Interview with Michael Nauert
Michael Nauert, born and working in Southern California, creates abstract oil paintings based on nature, resonance, and mind-space. We are pleased to publish his work in Volume 10. In this interview, he sits down with Diana Cerezino, a Lisbon-based artist and founder of PADA Studios to discuss his work, process, and inspirations.
Diana: How did you start painting?
Michael: I drew for about a year before I started painting. At the time, I was 18 and in between transferring to a different music school, so I took a drawing class for fun at a community college. My teacher, Jason Eoff, turned out to be an amazing teacher. He brought us to one of the biggest artist communities in LA, and I got to see art was more than a commissioned portrait of your grandma with her dog. My only idea of art back then was based on cheap kitsch work, but in class I got a good taste of contemporary art history. Jason was a wizard at subverting ideas of drawing through process, resulting in work I never expected I could make. Once classes ended, I bought canvases and craft paint from the 99 cent store. My drawings naturally flowed into painting.
Diana: How important is music in your practice and how does it influence you as an artist? Is there a correlation between music and your art practice?
Michael: Music started when I was 8, and is my whole childhood. I obsessed over playing trumpet and piano, and even started a music degree in university. That ended tragically and became a force that drove me into art. Music has a huge impact on how I perceive, so when it comes to content and process within my art, music will always be there in some form.
That experience has translated into my painting innately. It’s taken me a while to start seeing it, and I still feel I only understand the interaction in part. For me, the interaction between the mind and the body is the part that is musical. Being able to hold or feel something within the mind while expressing it onto the canvas becomes a type of resonance. With the continuum of thought, the resonance between mind and body is always changing through harmony and dissonance, so during the time frame of making a painting that resonance between mind and body has to be chased and discovered over and over. It is similar to a song continually finding variations and contrasts to present harmony and dissonance.
Diana: Living in the desert in California, how does this inform your work?
Michael: When I lived in Chicago I wondered why I would use certain colors or make atmospheric spaces in my paintings. I missed California, so when I moved back to the expansive space of the desert I got to see the neon sunsets and those colors filter everything they touched. Knowing I had the same colors and operations as the sunset, made me realize growing up in California is where I learned color and spatial structure from.
Diana: You mentioned converting a camping car to allow you to travel into nature and to work in your paintings surrounded by environments that inspire you. Have you worked that way before and how did it impact the paintings?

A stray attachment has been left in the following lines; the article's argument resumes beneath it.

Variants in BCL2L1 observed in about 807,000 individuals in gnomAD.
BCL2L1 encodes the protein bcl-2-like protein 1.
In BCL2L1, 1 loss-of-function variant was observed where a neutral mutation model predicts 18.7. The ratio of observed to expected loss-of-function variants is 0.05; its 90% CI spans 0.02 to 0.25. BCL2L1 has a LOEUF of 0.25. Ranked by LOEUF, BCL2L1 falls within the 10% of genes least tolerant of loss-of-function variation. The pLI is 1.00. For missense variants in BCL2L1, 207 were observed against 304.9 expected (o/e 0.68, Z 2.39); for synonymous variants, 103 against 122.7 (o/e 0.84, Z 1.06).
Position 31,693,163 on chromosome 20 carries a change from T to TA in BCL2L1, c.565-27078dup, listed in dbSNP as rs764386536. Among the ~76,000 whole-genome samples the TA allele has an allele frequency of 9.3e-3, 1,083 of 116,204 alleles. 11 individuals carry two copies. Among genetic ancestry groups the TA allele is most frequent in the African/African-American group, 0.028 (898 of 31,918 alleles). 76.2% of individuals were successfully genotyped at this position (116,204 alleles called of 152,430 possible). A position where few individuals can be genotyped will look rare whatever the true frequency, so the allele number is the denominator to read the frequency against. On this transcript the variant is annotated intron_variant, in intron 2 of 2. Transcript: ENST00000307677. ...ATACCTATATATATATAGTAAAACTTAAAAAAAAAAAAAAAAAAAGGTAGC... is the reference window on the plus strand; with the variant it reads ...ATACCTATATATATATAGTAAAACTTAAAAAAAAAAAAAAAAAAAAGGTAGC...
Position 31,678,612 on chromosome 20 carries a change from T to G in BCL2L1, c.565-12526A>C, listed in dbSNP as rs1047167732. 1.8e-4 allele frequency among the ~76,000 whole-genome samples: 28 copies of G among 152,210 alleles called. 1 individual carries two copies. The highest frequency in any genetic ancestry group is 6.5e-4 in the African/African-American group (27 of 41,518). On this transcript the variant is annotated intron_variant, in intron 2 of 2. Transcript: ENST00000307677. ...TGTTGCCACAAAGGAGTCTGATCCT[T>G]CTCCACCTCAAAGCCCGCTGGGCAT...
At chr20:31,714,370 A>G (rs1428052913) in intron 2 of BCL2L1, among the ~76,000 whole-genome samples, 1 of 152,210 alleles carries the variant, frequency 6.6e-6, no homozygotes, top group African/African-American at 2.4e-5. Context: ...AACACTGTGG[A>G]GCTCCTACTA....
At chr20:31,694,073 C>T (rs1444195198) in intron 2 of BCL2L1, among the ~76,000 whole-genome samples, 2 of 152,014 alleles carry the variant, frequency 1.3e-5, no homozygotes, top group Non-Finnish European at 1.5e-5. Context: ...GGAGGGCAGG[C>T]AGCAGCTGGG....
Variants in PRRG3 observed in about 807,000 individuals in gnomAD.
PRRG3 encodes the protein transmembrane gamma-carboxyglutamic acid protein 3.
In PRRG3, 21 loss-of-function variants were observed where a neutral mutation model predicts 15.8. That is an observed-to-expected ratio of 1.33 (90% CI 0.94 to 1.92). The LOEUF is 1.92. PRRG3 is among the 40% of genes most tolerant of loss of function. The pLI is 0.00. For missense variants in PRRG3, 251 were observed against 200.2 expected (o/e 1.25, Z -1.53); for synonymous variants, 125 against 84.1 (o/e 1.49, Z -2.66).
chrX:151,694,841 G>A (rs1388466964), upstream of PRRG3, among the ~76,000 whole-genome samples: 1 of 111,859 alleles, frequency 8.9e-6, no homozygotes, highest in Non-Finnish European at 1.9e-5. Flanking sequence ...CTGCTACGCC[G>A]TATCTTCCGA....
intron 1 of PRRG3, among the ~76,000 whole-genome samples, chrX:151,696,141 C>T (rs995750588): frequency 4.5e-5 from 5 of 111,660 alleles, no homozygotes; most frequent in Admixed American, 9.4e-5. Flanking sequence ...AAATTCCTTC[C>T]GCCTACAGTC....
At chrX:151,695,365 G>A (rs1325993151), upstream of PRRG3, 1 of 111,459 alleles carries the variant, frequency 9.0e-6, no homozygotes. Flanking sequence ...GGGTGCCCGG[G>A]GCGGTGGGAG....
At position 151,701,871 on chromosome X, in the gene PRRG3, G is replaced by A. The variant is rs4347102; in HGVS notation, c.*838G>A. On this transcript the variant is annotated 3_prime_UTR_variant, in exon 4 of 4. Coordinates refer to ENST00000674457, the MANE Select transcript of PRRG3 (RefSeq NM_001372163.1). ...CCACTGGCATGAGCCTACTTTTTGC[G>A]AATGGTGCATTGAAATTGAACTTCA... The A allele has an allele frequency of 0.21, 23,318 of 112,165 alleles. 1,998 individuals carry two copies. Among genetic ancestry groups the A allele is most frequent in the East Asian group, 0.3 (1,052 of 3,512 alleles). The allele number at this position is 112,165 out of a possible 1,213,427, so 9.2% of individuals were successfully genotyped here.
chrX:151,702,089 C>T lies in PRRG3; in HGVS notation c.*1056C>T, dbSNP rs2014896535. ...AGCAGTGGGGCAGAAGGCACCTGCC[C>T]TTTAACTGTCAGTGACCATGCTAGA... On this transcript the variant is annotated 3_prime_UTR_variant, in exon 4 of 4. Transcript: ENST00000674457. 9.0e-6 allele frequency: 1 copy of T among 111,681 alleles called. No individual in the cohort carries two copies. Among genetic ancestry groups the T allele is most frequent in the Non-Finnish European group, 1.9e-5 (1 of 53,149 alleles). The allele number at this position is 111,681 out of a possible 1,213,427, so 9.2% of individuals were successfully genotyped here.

Michael: Growing up, my family would do road trips out into nature where my dad would teach my siblings and me how to hunt for gems, minerals, and fossils and how to collect butterflies. I believe a lot of my visual learning came out of that focus into discerning small details while exploring the beautiful landscapes.
The first time I found nature and art together was when I attended Oxbow School of Art in 2015. The campus is made of old cabins in a forest off the edge of a lagoon. Working this way, in the midst of nature, allowed me to be present. In the city I was painting from my memories of landscapes or in my longing to return to them. I think that just involves more interaction between resonance within myself because it all has to do with memory, but when I’m in the space I’m inspired by, I can allow for resonance between mind, body, and location. Connecting with a location gives a type of rest in some of the painting choices. Instead of conjuring up color relationships, forms, and spaces, I can collect them as I explore my surroundings.
Diana: We spoke about ideas of resonance and dissonance. How does this inform your practice?
Michael: I see resonance as a connection to something resulting in a type of duplication. When there is sound resonation it means a neighboring object is also vibrating the same notes. So as I connect to various harmonies and dissonances, I can resonate them through the act of painting.
I think harmony and dissonance are a great replacement for good and bad art because they offer a function. Harmony is when two wave’s lengths can fit into each other, there’s an inherent agreement between them. The function is a peace and rest. Dissonance is the opposite and there is an inherent disagreement between the waves. The function is a conflict and motion. What would a song be without the tension dissonance uses to create expectation and the desire for the climax? And how would you enjoy the climax without harmony?